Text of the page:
• There are no large carnivores, the largest being wolves.
  • There are no dogs or cats. I introduce dogs in One and One Make One as a plot point.
  • This is a male-dominated society; women are for cooking, cleaning, and child-rearing. My main female, Mya, rebels against that in several ways, and JD supports her (my way of arguing against the concept of male domination). There are other strong female characters (see Part Four).

That’s enough for now; there are other things but I’ll let you discover them for yourself. That’s part of the fun, right?

Back in Part One, when I introduced JD I remarked, “he’ll need some survival skills or he’ll die before the story gets moving.” Like JD, you will have to wait and discover those skills over time. However, one of them is critical, and a lot of fun to think about: how does JD communicate in his new universe?

In both InuYasha and “Yankee” the main characters speak the language of their new location: Kagome because she’s still in Japan and Hank because he’s in England. Leaving aside for the moment that Arthur’s English would be incomprehensible to modern English speakers, and even Chaucer’s English is difficult, the language barrier is a common problem in any story placing the hero in a strange land. Usually authors get around this problem in one of three ways.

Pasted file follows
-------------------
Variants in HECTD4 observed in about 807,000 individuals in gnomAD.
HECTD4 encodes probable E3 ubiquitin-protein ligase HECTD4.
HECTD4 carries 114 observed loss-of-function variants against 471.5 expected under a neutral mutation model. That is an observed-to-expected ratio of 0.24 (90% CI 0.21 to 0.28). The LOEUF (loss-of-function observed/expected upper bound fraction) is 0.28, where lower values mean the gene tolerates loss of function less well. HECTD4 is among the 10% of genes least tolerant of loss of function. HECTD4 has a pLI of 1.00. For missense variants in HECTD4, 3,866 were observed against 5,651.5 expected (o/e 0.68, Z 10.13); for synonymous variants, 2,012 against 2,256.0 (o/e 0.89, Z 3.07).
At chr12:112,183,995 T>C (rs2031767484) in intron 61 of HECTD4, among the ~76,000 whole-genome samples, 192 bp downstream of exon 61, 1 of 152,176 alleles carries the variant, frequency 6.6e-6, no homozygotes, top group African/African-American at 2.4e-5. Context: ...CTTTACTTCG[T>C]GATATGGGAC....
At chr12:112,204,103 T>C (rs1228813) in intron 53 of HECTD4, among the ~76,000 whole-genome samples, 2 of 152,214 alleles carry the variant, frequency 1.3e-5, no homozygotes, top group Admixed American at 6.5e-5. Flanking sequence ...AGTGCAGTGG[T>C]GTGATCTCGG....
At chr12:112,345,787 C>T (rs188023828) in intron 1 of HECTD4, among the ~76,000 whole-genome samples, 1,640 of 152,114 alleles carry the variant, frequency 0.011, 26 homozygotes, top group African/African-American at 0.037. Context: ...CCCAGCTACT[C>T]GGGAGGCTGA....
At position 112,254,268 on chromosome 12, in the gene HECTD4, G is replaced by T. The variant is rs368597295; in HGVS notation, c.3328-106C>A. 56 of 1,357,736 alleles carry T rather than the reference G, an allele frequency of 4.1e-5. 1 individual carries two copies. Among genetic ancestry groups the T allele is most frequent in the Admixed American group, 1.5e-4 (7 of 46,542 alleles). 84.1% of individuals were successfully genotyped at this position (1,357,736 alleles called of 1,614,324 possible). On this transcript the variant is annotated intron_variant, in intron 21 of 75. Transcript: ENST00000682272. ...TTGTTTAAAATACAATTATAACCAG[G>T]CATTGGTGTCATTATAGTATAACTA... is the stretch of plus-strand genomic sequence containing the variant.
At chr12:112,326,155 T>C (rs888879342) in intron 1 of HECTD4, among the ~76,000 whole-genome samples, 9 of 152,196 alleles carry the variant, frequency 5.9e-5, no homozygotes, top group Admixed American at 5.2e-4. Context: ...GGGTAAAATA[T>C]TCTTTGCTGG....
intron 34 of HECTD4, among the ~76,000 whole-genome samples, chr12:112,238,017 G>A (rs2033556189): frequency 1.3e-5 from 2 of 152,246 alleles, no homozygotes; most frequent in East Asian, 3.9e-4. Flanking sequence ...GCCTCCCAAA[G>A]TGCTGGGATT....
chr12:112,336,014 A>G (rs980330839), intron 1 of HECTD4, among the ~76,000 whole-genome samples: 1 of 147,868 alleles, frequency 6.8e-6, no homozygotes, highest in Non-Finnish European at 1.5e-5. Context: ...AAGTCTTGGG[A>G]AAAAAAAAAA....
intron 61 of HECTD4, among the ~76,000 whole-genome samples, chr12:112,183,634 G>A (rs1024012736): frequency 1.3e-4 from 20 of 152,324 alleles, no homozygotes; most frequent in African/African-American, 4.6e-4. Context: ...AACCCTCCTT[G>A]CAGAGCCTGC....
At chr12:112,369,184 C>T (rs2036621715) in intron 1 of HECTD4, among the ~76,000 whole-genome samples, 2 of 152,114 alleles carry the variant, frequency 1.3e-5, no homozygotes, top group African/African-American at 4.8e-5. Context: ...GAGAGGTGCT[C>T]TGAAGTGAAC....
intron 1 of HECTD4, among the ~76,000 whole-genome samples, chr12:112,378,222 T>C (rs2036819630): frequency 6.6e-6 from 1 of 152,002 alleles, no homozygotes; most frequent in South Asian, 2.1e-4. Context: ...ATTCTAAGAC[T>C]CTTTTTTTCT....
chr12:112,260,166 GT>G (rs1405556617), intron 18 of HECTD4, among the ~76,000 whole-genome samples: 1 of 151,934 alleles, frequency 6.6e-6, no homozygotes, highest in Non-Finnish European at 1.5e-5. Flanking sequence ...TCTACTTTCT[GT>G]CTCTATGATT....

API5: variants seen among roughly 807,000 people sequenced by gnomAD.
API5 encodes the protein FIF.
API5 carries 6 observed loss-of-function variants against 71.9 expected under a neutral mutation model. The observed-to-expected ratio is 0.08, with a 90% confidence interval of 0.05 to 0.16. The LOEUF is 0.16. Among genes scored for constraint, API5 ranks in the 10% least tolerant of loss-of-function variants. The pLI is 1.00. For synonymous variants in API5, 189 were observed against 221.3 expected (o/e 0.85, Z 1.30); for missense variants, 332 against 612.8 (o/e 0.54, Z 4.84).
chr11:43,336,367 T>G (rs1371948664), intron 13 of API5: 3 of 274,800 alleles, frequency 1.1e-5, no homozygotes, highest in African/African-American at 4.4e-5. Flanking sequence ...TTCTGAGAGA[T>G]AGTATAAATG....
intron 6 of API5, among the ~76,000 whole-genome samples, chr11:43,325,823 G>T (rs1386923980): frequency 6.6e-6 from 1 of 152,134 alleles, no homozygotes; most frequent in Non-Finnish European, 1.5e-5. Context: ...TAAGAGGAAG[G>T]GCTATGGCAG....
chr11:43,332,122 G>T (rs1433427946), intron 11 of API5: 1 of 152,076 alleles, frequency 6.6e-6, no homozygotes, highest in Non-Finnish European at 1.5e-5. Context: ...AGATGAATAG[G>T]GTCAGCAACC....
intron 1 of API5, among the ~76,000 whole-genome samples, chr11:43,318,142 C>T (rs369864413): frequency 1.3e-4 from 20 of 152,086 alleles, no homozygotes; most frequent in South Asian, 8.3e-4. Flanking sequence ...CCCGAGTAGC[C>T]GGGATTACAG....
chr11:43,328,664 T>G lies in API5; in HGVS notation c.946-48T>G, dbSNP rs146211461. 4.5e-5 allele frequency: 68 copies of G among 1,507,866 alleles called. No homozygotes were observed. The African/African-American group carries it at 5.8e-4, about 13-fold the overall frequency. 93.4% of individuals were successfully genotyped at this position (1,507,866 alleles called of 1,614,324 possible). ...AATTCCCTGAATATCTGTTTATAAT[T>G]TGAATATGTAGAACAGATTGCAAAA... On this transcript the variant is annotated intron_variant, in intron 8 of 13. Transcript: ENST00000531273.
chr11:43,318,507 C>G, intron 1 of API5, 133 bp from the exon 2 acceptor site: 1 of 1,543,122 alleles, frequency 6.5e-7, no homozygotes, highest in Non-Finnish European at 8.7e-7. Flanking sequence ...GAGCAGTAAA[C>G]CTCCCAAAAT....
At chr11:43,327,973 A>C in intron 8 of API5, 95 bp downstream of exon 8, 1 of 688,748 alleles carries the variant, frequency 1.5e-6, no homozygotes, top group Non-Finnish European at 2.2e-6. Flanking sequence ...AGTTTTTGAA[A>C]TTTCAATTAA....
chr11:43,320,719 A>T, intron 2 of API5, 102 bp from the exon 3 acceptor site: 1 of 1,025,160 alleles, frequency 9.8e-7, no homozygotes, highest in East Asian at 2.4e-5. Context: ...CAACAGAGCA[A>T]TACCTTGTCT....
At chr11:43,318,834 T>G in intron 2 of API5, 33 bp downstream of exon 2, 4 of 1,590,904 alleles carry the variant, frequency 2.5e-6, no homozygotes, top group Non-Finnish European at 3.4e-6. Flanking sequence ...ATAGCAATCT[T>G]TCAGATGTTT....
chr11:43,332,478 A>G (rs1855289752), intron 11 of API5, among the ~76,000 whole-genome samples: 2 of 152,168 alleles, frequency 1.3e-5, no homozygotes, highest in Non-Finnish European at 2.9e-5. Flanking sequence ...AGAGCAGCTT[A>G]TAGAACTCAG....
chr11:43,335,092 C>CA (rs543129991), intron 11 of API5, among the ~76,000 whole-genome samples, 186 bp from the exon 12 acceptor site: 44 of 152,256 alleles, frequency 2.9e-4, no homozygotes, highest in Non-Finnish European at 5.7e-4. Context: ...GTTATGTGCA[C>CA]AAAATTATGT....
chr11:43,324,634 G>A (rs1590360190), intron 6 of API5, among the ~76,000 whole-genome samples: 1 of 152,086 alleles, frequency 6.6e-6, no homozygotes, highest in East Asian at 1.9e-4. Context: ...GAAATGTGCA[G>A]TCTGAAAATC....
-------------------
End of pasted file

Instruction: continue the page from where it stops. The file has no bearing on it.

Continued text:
1. Use the character’s own language in some unexplained way.
  2. Magic or technology: a translator pendant, a spell, something.
  3. Language lessons.

Language lessons are tedious for the reader. Holding up objects and naming them is boring enough, not to mention potentially confusing. Pointing to oneself and saying “Homer!” could be construed as “My name is Homer” or “I am a Homer,” an intelligent being or a member of the Home society. Authors wanting realism include these exchanges but cover them quickly.

“She proceeded to call out the organs of the legger which corresponded to hers. Thus, the preparations for the meal passed swiftly… she had exchanged at least forty words with him. After an hour he remembered twenty.” – My Sister’s Brother, Philip Jose Farmer.

Do-Over covers JD’s life in some detail, so while I could handle it that way I don’t want to; I want JD to be able to communicate right off the bat. The world in Do-Over is neither magical nor technological so I can’t use those methods, and I want JD in another universe so English is out. What am I left with?

When JD is between universes he receives a set of four gifts from the people who brought him here. I call those beings The Ancients (all right, so I was a little lazy there). We’ve seen one gift: he’s young again. You and JD learn of the second gift, the gift of tongues, early on: JD by accident, you by virtue of the reader’s perspective.